The next big nexus is the public canvassing process scheduled for tonight at 5 p.m., where challenged and rejected ballots will be reviewed to either be accepted or rejected. The election results are set to be certified on April 20.
It’s a small mistake of $5,000
The Alaska Public Offices Commission met on Wednesday in one of more bizarre meetings in a while. The main takeaway is that the Dave Bronson campaign has admitted that its campaign finance reports have several errors that, whether intentional or not, masked the campaign’s fundraising and spending from the public view. Some things were rather innocuous like $25-over-the-limit contributions while others were more blatant attempts to mask spending by bundling several expenditures into a single line (honestly, something I see a lot of campaigns doing) and reporting them well after the fact (something I don’t see a lot of campaigns doing).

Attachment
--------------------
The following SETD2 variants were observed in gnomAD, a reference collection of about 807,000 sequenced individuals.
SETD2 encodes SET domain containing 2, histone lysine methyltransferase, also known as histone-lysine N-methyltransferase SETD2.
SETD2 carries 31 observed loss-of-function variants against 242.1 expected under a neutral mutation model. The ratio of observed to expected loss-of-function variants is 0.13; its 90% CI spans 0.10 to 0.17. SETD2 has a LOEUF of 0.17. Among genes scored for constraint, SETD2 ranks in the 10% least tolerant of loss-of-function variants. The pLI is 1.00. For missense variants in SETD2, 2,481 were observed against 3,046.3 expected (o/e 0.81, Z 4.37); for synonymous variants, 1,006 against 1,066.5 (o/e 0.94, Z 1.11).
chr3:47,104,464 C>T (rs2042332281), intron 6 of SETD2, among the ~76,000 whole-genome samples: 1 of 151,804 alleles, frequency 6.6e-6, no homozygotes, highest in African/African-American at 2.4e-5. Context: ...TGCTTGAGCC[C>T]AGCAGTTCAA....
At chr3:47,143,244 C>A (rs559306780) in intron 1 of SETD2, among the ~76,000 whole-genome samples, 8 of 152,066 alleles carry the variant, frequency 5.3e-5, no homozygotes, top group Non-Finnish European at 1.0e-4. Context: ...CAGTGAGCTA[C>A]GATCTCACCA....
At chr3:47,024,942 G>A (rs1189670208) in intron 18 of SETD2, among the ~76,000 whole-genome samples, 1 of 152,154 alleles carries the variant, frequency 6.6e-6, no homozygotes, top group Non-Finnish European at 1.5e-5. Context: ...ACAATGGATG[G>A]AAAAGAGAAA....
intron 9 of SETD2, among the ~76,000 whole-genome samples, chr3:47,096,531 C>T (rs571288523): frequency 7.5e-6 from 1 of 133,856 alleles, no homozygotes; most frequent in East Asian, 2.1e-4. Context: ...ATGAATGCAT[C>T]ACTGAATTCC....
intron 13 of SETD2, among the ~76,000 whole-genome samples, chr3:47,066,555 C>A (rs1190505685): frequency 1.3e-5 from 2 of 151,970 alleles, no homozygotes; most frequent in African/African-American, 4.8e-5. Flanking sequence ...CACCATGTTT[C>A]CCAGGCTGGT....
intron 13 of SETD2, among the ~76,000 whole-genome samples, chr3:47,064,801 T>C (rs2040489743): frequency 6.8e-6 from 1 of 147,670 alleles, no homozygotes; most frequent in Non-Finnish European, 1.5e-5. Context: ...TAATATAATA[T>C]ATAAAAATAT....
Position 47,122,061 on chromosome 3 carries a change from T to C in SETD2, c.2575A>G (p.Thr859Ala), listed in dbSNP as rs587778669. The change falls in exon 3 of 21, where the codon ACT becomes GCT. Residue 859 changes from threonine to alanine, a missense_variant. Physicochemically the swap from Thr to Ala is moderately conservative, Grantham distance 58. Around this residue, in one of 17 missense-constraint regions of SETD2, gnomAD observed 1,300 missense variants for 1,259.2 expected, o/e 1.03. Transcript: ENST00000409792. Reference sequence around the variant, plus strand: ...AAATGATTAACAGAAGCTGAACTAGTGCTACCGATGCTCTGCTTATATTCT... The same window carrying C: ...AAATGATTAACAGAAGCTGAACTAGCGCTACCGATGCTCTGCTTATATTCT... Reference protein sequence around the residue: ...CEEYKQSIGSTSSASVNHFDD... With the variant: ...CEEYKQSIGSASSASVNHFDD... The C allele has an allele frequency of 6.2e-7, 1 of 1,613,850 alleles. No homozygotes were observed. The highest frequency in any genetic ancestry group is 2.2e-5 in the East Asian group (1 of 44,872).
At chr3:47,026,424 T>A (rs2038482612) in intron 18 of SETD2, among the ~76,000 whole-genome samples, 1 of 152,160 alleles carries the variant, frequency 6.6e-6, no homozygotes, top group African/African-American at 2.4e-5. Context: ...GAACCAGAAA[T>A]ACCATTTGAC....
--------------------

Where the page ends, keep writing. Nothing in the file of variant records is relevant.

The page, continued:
When asked about why one it looked like the Bronson campaign was reporting expenditures well after they had been expended, Republican attorney Stacey Stone (who you might know from Rep. Lance Pruitt’s unsuccessful attempt to overturn his loss) said, “With all due respect, I think you’re looking for a simple answer to a very complicated question.”
To which Paula DeLaiarro, the Dunbar campaign treasurer (who you might know from Rep. Lance Pruitt’s $1 million in campaign violations), retorted, “It’s a complicated matter because the reporting is so bad.”
But the heated back-and-forth wasn’t the most bizarre part of the meeting. No, that came from several interjections from unmuted Bronson supporters. It’s not clear exactly who was interjecting, but I have a sneaking suspicion that they’re from the Save Anchorage crowd that seems so unable to mind its manners at assembly meetings. Here’s it all in one silly clip: